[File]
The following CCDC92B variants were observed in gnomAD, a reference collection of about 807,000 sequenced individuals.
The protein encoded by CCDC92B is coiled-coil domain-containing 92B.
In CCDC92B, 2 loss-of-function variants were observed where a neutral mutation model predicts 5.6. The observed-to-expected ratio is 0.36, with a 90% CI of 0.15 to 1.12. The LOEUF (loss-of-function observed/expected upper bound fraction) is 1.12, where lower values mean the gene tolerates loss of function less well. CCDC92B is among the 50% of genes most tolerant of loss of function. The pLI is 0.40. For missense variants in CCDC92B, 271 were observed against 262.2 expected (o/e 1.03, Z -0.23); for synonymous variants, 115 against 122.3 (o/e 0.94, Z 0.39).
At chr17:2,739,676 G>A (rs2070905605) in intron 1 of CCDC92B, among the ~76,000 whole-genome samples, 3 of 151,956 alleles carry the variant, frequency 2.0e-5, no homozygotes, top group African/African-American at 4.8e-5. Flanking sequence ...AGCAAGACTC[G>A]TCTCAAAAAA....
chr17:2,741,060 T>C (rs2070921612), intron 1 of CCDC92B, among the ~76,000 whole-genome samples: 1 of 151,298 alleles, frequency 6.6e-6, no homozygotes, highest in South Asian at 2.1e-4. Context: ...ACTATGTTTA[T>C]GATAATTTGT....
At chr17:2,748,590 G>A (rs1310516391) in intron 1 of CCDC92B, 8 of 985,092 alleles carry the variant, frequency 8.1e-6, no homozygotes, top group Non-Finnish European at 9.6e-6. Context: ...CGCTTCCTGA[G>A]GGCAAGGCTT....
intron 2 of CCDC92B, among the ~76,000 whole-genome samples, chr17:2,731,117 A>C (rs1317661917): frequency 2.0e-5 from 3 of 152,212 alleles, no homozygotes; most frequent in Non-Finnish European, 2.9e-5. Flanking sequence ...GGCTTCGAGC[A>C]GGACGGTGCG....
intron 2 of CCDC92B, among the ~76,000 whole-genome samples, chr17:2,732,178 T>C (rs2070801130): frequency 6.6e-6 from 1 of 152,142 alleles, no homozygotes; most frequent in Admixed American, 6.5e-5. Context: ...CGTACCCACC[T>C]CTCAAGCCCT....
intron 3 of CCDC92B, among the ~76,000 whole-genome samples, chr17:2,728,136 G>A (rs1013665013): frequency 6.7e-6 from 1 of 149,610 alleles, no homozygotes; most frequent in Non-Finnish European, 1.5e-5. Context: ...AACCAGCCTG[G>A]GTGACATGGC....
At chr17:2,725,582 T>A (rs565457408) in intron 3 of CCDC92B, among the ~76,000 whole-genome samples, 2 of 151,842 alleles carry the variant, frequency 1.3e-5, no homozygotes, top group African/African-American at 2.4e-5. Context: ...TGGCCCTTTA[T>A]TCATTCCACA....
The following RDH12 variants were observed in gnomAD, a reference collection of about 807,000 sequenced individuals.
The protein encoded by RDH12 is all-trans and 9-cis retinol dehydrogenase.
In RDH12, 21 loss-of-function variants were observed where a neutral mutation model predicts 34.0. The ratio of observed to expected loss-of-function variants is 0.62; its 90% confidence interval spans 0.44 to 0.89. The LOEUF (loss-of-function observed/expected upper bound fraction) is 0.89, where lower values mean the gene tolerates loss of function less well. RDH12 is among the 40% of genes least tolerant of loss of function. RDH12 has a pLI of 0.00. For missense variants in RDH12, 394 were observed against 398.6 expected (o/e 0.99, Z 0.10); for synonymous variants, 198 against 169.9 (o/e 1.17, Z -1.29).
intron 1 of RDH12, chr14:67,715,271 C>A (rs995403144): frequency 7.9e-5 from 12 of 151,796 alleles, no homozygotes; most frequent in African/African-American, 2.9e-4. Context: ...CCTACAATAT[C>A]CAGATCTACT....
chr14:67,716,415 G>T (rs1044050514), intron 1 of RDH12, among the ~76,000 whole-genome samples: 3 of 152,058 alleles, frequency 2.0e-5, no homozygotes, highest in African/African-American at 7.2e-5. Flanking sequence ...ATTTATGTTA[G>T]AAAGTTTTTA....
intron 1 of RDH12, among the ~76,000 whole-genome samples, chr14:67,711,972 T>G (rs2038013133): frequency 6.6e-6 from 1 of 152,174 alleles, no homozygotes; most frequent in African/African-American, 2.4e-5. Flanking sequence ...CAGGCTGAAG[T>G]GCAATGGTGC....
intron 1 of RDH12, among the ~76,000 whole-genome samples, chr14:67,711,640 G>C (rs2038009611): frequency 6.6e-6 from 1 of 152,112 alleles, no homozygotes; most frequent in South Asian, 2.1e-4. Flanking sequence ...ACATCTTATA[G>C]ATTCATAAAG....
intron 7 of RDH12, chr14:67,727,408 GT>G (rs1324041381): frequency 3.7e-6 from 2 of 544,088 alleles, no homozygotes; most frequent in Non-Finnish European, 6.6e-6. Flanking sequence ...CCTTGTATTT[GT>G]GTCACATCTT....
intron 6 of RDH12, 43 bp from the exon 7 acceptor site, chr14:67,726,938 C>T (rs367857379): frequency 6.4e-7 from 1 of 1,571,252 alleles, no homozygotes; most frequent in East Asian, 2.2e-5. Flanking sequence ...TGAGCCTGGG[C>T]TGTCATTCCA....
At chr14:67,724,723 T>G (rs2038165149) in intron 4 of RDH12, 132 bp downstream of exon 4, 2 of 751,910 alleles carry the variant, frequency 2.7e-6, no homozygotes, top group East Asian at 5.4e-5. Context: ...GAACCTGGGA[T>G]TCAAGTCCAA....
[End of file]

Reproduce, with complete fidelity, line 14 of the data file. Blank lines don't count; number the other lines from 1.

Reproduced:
intron 1 of RDH12, chr14:67,715,271 C>A (rs995403144): frequency 7.9e-5 from 12 of 151,796 alleles, no homozygotes; most frequent in African/African-American, 2.9e-4. Context: ...CCTACAATAT[C>A]CAGATCTACT....